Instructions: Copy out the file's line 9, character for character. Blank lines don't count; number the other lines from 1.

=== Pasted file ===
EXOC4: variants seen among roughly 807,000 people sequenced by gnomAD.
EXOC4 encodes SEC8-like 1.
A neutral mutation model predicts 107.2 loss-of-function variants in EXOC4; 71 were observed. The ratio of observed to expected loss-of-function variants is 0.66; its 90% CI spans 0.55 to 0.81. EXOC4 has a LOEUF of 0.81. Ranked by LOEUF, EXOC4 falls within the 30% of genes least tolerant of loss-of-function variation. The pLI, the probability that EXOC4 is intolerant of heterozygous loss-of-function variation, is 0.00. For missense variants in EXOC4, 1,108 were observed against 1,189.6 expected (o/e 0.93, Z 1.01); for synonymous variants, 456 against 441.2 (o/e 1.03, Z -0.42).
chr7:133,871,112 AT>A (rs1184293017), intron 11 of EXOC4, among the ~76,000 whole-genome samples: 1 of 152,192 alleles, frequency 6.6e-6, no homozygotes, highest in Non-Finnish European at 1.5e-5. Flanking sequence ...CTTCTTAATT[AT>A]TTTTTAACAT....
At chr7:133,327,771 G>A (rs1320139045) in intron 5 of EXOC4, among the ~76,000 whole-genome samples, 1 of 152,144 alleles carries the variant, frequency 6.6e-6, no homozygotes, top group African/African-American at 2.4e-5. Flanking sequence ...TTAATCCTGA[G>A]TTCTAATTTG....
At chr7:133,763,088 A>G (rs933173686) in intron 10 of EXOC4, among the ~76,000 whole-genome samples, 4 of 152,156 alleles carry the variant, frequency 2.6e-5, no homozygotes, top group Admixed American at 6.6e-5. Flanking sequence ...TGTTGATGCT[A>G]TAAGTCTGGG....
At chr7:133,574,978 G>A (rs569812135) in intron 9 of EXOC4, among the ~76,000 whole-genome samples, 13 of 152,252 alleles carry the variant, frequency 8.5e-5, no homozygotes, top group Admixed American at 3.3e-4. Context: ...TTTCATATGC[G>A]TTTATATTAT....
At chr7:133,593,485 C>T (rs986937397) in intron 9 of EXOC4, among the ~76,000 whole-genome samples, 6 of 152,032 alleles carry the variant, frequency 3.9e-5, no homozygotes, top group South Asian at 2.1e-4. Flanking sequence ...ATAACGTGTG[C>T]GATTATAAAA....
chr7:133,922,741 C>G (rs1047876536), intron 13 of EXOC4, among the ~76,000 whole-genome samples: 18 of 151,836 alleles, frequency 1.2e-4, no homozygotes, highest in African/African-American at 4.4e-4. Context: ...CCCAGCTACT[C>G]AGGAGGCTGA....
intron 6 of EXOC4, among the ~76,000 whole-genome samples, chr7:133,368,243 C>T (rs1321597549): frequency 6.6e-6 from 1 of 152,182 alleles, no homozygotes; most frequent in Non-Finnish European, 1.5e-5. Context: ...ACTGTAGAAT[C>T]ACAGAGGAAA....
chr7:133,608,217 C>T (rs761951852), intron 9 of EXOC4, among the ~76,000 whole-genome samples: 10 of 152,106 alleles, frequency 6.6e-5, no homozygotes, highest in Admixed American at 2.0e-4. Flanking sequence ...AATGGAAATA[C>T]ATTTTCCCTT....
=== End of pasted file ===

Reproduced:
chr7:133,922,741 C>G (rs1047876536), intron 13 of EXOC4, among the ~76,000 whole-genome samples: 18 of 151,836 alleles, frequency 1.2e-4, no homozygotes, highest in African/African-American at 4.4e-4. Context: ...CCCAGCTACT[C>G]AGGAGGCTGA....